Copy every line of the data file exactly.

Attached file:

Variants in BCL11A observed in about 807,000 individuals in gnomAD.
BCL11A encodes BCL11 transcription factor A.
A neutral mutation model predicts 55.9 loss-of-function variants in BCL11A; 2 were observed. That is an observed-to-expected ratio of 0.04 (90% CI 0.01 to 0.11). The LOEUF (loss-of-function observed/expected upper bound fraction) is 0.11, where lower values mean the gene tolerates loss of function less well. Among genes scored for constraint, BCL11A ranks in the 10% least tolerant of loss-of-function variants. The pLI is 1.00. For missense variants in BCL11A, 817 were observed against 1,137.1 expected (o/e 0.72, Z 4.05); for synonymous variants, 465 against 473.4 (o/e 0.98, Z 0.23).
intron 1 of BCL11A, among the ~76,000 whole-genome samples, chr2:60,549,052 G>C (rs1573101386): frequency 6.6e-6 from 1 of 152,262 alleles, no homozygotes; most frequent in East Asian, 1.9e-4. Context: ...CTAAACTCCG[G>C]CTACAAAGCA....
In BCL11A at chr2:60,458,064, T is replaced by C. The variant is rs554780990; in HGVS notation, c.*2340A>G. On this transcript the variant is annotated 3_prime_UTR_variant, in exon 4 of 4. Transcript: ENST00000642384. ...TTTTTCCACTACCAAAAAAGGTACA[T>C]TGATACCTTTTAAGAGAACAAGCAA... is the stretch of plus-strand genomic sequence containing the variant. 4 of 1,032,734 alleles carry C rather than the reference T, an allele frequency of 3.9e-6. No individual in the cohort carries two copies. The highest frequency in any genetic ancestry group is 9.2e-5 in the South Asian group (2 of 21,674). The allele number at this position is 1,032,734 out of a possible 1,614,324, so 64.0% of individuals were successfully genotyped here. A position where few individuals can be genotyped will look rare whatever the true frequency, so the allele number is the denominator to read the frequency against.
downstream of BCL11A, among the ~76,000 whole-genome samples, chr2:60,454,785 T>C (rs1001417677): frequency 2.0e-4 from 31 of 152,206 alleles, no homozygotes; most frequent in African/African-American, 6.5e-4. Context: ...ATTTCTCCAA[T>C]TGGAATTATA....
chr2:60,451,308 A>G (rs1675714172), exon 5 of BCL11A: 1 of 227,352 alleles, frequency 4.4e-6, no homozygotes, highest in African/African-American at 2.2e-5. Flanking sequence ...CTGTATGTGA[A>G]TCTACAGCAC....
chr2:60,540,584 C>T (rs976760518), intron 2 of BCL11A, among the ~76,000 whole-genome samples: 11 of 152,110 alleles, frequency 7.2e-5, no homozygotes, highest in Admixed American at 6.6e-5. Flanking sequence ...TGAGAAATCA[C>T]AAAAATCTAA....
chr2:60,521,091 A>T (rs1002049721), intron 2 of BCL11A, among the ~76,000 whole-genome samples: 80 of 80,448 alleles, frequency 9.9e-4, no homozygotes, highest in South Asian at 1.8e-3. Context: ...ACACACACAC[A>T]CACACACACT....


Variants in BCL11A observed in about 807,000 individuals in gnomAD.
BCL11A encodes BCL11 transcription factor A.
A neutral mutation model predicts 55.9 loss-of-function variants in BCL11A; 2 were observed. That is an observed-to-expected ratio of 0.04 (90% CI 0.01 to 0.11). The LOEUF (loss-of-function observed/expected upper bound fraction) is 0.11, where lower values mean the gene tolerates loss of function less well. Among genes scored for constraint, BCL11A ranks in the 10% least tolerant of loss-of-function variants. The pLI is 1.00. For missense variants in BCL11A, 817 were observed against 1,137.1 expected (o/e 0.72, Z 4.05); for synonymous variants, 465 against 473.4 (o/e 0.98, Z 0.23).
intron 1 of BCL11A, among the ~76,000 whole-genome samples, chr2:60,549,052 G>C (rs1573101386): frequency 6.6e-6 from 1 of 152,262 alleles, no homozygotes; most frequent in East Asian, 1.9e-4. Context: ...CTAAACTCCG[G>C]CTACAAAGCA....
In BCL11A at chr2:60,458,064, T is replaced by C. The variant is rs554780990; in HGVS notation, c.*2340A>G. On this transcript the variant is annotated 3_prime_UTR_variant, in exon 4 of 4. Transcript: ENST00000642384. ...TTTTTCCACTACCAAAAAAGGTACA[T>C]TGATACCTTTTAAGAGAACAAGCAA... is the stretch of plus-strand genomic sequence containing the variant. 4 of 1,032,734 alleles carry C rather than the reference T, an allele frequency of 3.9e-6. No individual in the cohort carries two copies. The highest frequency in any genetic ancestry group is 9.2e-5 in the South Asian group (2 of 21,674). The allele number at this position is 1,032,734 out of a possible 1,614,324, so 64.0% of individuals were successfully genotyped here. A position where few individuals can be genotyped will look rare whatever the true frequency, so the allele number is the denominator to read the frequency against.
downstream of BCL11A, among the ~76,000 whole-genome samples, chr2:60,454,785 T>C (rs1001417677): frequency 2.0e-4 from 31 of 152,206 alleles, no homozygotes; most frequent in African/African-American, 6.5e-4. Context: ...ATTTCTCCAA[T>C]TGGAATTATA....
chr2:60,451,308 A>G (rs1675714172), exon 5 of BCL11A: 1 of 227,352 alleles, frequency 4.4e-6, no homozygotes, highest in African/African-American at 2.2e-5. Flanking sequence ...CTGTATGTGA[A>G]TCTACAGCAC....
chr2:60,540,584 C>T (rs976760518), intron 2 of BCL11A, among the ~76,000 whole-genome samples: 11 of 152,110 alleles, frequency 7.2e-5, no homozygotes, highest in Admixed American at 6.6e-5. Flanking sequence ...TGAGAAATCA[C>T]AAAAATCTAA....
chr2:60,521,091 A>T (rs1002049721), intron 2 of BCL11A, among the ~76,000 whole-genome samples: 80 of 80,448 alleles, frequency 9.9e-4, no homozygotes, highest in South Asian at 1.8e-3. Context: ...ACACACACAC[A>T]CACACACACT....